Asantewaa Prempeh is a Ghanaian/American filmmaker. Her interest in film began while studying graphic design in college, where she made her first short film after learning of a classmate’s battle with AIDS. After the film’s great reception she decided to pursue an MFA at NYU’s Tisch School of the Arts where she has made numerous shorts films including A Sweet Song. Prempeh’s work has been a winner of the Insitut du Français sponsored Accra Francophone Film Festival, winner of the Wasserman award for best editing, a Wasserman Finalist and official selection for the BFI London Film Festival. Prempeh hopes the emotive and observational style of her films will encourage positive action in others. She is currently developing her first feature film Mortar in Ghana.
2010, 2:42 min.
Joan Caspi (Producer)
A young Hispanic immigrant Tomas Gomez arrives in America with one bag, two books, and an address for a room and a place to work. On the night of his arrival a chance meeting between Tomas and a stranger on a bench at the airport, begins his introduction to America and the challenge of a new language.
Joan Caspi is a writer/producer. She attended The New School for screenwriting, where her career as a nurse and retailer became the fodder for her stories. Following a stint as a grievance counselor after 9/11, Joan wrote and produced her award-winning animated short film, The Day My Towers Fell. Her experiences running a cooking group on a psychiatric ward led to her writing a feature film script, Cooking With Gas. Her lingerie shop, Wife Mistress, became the basis for a television series for Lifetime. Her first web series is Dumped.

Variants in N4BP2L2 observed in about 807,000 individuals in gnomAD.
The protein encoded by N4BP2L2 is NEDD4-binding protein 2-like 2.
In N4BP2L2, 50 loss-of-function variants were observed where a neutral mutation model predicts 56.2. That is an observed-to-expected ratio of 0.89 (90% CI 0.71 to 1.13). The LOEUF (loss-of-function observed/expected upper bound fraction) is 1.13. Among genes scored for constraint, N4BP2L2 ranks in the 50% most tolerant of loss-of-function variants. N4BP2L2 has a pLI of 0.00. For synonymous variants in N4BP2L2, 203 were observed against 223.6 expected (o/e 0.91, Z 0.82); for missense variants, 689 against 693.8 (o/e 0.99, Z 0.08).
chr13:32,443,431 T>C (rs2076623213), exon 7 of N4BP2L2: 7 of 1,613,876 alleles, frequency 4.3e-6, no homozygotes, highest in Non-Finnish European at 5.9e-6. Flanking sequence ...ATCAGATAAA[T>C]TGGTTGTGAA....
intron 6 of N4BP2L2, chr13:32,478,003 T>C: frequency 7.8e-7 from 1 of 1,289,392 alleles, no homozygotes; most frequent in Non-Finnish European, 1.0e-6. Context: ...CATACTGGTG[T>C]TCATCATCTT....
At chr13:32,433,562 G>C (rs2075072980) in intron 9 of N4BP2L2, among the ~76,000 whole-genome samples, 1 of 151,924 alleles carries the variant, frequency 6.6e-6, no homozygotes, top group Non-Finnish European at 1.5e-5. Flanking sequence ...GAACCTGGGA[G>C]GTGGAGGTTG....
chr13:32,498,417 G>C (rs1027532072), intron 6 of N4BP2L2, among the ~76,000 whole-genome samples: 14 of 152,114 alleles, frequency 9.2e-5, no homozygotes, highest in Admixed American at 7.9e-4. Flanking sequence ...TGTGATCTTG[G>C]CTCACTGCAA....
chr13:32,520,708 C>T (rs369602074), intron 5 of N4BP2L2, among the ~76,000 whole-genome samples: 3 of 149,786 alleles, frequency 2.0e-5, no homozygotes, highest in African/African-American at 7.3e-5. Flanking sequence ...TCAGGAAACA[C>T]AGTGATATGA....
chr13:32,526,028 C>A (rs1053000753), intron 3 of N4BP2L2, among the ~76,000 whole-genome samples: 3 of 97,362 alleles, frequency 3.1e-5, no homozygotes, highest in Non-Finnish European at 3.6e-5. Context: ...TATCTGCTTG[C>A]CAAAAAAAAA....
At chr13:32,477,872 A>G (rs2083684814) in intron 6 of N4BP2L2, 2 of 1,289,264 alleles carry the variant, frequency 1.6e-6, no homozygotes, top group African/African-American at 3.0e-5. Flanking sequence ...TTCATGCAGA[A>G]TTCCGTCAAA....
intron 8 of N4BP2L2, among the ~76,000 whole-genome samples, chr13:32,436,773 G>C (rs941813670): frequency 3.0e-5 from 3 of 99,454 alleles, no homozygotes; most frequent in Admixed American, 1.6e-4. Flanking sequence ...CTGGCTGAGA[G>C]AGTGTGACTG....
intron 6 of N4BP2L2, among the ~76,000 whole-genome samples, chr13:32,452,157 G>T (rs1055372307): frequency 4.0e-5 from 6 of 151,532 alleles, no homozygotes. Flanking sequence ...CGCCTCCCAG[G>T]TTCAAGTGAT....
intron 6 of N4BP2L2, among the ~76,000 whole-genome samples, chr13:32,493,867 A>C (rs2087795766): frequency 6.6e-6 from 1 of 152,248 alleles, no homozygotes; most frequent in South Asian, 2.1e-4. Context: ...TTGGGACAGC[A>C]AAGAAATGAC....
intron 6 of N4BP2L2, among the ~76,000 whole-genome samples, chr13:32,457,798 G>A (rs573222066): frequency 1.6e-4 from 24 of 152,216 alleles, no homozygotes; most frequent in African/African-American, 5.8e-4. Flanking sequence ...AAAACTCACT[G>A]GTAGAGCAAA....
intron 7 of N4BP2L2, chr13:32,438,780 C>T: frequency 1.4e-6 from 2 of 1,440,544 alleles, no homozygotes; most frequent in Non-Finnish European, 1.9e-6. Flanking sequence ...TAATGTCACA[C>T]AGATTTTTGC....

The Passage Chronicles
2014, 30 min.
Satoko Sugiyama (Director)
The Passage Chronicles is an interactive web documentary that tells intimate stories of female migrants from around the world. The website invites audiences to experience the journey of each migrant and to become emotionally invested. What made her seek a new world? What became of her old world? Who is she now? What is the meaning of “home” to her? Where is her home? It explores women’s personal identities, understanding of gender roles, and sense of belonging.
Satoko Sugiyama, a native of Japan, is a New York City-based media artist working with a wide range of disciplines including film, web applications and audio projects. Satoko’s focus is to create visual platforms where different voices and behaviors can be heard, witnessed and contemplated. She has worked as an editor, director and cinematographer on over 100 media projects, ranging from documentaries to television commercials.
A Special Thanks to City Council Member Elizabeth Crowley who selected New York Women in Film & Television to receive funding for the Cultural Immigrant Initiative.
Join us on Social Media by using the hashtag #IWEScreening!
The Ridgewood Public Library
20-12 Madison Street
Ridgewood, New York 11385
NYWIFT programs, screenings and events are supported, in part, by grants from New York City Department of Cultural Affairs in partnership with the City Council, and New York State Council on the Arts with the support of Governor Kathy Hochul and the New York State Legislature.